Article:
The Church of Us vs. Them: Freedom from a Faith That Feeds on Making Enemies, David E. Fitch. Grand Rapids: Brazos Press, 2019.
Summary: Discusses the roots of a church of us versus them and proposes a vision of the church as a space beyond making enemies.
Even though there are serious signs that American churches are experiencing significant losses of numbers and cultural influence, Christians are hanging onto habits of a posture of “us versus them” developed during a time of greater cultural ascendancy. So contends pastor David E. Fitch, who believes it is a matter of urgent concern that the church move to a space beyond us versus them to one that refuses to make enemies.
Fitch explores the factors that contribute to enemy making. He observes how distinctives of belief and behavior can develop a life of their own becoming the litmus test of who is one of “us” and who is one of “them.” Eventually the distinctives can become banners, often devoid of the content that originally shaped them, but that defines the divide between friends and enemies. Often, these divides both feed on fear and make us feel better about ourselves.
Fitch explores three distinctive banners of evangelical faith. One is the banner of the “inerrant Bible” and the idea of being a “biblical” Christian, language invoked for whatever position one wishes to uphold with a smattering of scripture. This language is used in a way that exercises power over, and excludes people. Fitch proposes instead that when we move to a space beyond making enemies, the Bible is the story of the Grand Drama of God. We do not use the Bible to win arguments and fight for a “position” but to hear and extend an invitation for all to enter into that Great Drama. We do not assume we possess “inerrant truth” but continue to listen humbly to each other as we search the text of scripture to understand our part in the drama.
The second distinctive banner is that of “the decision.” Perhaps nothing better defines who is “in” and who is “out” than the “decision” for Christ. Sadly, so many of those who wave this banner fail to go on to a life of vibrant discipleship following Jesus, and often have no difficulty justifying the compatibility of immoral behavior with being “saved” because they have made “the decision.” Instead Fitch argues for a vision of conversion beyond us versus them, as participation over a lifetime in a faithful life of repentance and surrender to Christ, characterized both by forgiveness and personal holiness, and a commitment to extending Christ’s healing and salvation into every aspect of the world’s need. While such a conversion doesn’t make enemies in its invitation to all to follow Christ, it exposes those who make themselves the enemies of Christ by refusing his gracious rule.
The third banner is the church that seeks to make America Christian again and seeks to do so aligned with the politics of the right (Jerry Falwell) or the left (Jim Wallis). Instead, he contends for the church as its own political structure, “a demonstration plot of the Kingdom.” Fitch writes:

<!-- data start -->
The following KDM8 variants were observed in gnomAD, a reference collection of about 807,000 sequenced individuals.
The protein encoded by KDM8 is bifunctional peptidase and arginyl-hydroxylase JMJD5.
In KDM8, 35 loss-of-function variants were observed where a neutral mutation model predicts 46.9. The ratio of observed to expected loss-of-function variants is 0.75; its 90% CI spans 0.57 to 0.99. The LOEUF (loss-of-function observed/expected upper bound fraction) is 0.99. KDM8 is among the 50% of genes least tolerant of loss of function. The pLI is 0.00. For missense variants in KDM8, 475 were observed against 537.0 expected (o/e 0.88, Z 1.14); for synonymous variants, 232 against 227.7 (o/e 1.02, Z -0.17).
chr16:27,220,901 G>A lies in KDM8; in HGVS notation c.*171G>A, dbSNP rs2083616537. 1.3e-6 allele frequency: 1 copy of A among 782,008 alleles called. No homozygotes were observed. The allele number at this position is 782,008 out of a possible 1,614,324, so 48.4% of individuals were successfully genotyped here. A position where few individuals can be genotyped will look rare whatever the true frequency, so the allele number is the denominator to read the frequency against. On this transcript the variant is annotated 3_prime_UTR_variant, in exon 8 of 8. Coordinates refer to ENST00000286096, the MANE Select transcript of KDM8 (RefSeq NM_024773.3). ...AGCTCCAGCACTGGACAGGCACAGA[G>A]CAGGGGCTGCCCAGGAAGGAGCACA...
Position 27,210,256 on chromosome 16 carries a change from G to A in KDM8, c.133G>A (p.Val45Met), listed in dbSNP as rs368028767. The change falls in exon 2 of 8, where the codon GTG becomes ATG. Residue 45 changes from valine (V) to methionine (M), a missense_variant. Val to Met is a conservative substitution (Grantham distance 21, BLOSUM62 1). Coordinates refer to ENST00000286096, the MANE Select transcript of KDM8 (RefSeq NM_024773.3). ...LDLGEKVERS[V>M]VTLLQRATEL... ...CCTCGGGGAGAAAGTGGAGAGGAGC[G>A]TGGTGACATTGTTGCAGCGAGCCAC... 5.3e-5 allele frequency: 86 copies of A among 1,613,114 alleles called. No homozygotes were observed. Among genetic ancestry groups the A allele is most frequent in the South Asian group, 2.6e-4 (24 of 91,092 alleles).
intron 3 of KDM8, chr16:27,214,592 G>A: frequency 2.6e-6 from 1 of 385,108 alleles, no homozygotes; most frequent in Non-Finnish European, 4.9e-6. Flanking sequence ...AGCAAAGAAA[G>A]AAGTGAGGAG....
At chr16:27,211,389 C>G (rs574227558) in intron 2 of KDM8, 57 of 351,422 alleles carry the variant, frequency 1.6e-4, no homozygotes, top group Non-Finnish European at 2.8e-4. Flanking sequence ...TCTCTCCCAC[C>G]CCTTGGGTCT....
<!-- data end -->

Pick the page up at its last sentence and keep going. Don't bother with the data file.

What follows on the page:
All this means that the difference between Christians and the world is not a spatial one, it’s an eschatological one. It’s not an us-vs-them difference. It’s a matter of timing. There are not two spaces: the space of the ones who are “in” and the ones who are “out.” Rather, the church is already where the world is heading; the world just doesn’t know it yet. We are living in the kingdom ahead of time. We are the first fruits of a harvest that shall be fully gathered in the future. We are against no one. Despite appearances, the world is not our enemy. We are just ahead of them. The church is the space beyond enemies, the church beyond us vs. them.
He closes by talking about the way Jesus addressed controversy by confounding the enemy-making tendency of people, supremely demonstrated with the woman caught in adultery. Jesus responds in silence, writing in the sand, and then bids those without sin to go ahead and stone her. He refuses to condemn her and restores her while extending the true sense of the law into her life as he pronounces her both forgiven and urges her to no longer choose sin in her life. He then asks if we will be the presence of Jesus in the world in how we engage the Bible, how we practice conversion and mission, and how we live as the church in the world.
I’m not sure if Fitch explains to my satisfaction why we feel so compelled to make enemies, which is not merely a Christian but rather a human behavior. What he does do well is explain the dynamics of how this has worked itself out among evangelical Christians. He also offers a compelling vision of a space beyond us versus them, not a space of compromise, but something different altogether, caught up in God’s Grand Drama. I suspect there are some still enamored of fighting battles against “them” and seeing the world in terms of friends and enemies (and we can never be quite sure of our friends). But I also suspect that there others who are tired of “othering” both inside and outside the church. They want to choose love rather than fear; the open arms of embrace rather than the closed fists of a fight. For these, Fitch offers a vision of the church as a place where that can begin to happen.
Disclosure of Material Connection: Thanks, Brazos Press, for the chance to read an advanced reading copy of this forthcoming book. I was not required to write a positive review. The opinions I have expressed are my own.